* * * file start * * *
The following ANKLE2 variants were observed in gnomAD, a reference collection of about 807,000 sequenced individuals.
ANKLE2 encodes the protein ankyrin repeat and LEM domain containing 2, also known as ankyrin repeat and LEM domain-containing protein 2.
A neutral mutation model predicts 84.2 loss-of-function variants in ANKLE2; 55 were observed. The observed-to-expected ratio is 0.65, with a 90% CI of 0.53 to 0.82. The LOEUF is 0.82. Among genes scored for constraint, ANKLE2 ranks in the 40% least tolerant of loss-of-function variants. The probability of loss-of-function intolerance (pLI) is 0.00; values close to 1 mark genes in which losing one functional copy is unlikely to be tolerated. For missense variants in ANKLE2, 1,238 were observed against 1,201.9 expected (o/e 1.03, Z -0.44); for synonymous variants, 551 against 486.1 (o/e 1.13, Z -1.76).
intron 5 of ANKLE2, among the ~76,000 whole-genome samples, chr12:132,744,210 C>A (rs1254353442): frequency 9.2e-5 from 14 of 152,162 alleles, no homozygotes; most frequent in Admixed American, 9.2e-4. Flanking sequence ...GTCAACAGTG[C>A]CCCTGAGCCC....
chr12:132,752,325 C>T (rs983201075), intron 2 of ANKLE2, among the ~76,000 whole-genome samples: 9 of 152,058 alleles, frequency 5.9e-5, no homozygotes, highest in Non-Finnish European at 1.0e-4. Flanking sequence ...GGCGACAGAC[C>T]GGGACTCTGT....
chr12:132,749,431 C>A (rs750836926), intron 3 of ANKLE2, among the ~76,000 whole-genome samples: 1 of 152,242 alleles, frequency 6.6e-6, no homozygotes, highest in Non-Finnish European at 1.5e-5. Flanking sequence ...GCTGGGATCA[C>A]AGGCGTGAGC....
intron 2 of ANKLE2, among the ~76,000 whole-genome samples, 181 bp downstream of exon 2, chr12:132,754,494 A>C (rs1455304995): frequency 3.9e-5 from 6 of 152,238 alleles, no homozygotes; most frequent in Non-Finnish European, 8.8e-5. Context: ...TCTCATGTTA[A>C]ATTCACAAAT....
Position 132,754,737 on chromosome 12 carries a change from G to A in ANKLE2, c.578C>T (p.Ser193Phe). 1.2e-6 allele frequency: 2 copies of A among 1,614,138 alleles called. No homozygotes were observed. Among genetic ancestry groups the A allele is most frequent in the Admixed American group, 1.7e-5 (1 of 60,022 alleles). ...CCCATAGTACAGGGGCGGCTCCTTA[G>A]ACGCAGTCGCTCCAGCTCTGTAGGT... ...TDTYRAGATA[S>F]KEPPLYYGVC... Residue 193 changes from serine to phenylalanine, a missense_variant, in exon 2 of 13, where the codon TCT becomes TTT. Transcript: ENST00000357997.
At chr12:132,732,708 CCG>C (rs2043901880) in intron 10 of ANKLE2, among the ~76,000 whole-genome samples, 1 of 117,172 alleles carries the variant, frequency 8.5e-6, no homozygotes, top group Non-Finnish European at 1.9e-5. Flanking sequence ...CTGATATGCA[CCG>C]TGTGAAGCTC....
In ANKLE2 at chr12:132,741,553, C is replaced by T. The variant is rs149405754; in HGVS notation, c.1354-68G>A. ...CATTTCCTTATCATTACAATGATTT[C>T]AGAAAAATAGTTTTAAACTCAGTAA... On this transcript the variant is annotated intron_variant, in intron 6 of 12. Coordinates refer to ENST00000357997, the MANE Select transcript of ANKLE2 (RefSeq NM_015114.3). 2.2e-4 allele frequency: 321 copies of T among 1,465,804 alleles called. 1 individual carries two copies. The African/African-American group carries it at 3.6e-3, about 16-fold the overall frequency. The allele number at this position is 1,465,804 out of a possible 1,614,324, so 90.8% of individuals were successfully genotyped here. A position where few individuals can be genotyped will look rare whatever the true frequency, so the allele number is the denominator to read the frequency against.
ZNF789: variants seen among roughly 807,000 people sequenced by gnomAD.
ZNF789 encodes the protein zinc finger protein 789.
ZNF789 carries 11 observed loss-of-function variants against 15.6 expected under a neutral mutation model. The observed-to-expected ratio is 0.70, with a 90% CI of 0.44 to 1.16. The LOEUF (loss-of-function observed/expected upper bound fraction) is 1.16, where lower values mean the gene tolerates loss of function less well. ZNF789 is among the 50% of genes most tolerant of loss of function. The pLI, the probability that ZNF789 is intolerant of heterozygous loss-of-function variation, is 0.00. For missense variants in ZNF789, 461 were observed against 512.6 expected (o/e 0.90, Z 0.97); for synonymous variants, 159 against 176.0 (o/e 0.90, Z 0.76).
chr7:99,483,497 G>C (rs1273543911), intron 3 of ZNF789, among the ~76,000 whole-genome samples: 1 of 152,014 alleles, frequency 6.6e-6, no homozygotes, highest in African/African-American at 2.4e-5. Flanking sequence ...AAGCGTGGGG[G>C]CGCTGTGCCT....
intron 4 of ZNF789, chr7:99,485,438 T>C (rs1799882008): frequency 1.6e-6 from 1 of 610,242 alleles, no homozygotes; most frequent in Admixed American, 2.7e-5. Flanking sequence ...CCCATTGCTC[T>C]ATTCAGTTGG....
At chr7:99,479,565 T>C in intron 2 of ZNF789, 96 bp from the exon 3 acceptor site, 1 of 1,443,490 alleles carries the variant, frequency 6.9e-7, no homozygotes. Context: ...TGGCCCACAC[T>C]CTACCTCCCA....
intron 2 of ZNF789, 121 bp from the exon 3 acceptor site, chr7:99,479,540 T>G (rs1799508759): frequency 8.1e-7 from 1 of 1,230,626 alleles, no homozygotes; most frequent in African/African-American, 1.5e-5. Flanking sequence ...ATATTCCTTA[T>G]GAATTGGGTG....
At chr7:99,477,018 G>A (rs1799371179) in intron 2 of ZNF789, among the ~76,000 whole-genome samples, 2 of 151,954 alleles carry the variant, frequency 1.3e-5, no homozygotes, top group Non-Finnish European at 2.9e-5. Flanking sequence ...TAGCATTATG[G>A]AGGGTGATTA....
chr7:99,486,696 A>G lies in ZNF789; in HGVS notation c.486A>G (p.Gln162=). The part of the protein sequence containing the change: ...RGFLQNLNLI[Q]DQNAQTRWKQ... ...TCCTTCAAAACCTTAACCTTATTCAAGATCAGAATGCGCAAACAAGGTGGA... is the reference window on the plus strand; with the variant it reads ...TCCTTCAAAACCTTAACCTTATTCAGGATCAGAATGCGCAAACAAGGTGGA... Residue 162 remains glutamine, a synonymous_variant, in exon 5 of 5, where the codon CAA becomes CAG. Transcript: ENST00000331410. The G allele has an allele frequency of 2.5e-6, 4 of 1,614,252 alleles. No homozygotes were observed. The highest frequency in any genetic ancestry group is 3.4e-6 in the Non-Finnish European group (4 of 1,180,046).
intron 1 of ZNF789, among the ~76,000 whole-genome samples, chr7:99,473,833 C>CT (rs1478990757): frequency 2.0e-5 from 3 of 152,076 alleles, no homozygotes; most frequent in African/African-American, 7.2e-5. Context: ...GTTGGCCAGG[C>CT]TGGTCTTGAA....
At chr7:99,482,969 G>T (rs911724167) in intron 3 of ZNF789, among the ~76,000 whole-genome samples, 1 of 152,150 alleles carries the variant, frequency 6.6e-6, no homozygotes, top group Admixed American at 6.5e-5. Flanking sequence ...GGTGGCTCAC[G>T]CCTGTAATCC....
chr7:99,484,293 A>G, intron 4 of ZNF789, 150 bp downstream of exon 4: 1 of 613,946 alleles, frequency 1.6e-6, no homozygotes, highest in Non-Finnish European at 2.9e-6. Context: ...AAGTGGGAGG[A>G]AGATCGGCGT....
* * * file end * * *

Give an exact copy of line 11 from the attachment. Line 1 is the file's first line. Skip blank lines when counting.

ZNF789: variants seen among roughly 807,000 people sequenced by gnomAD.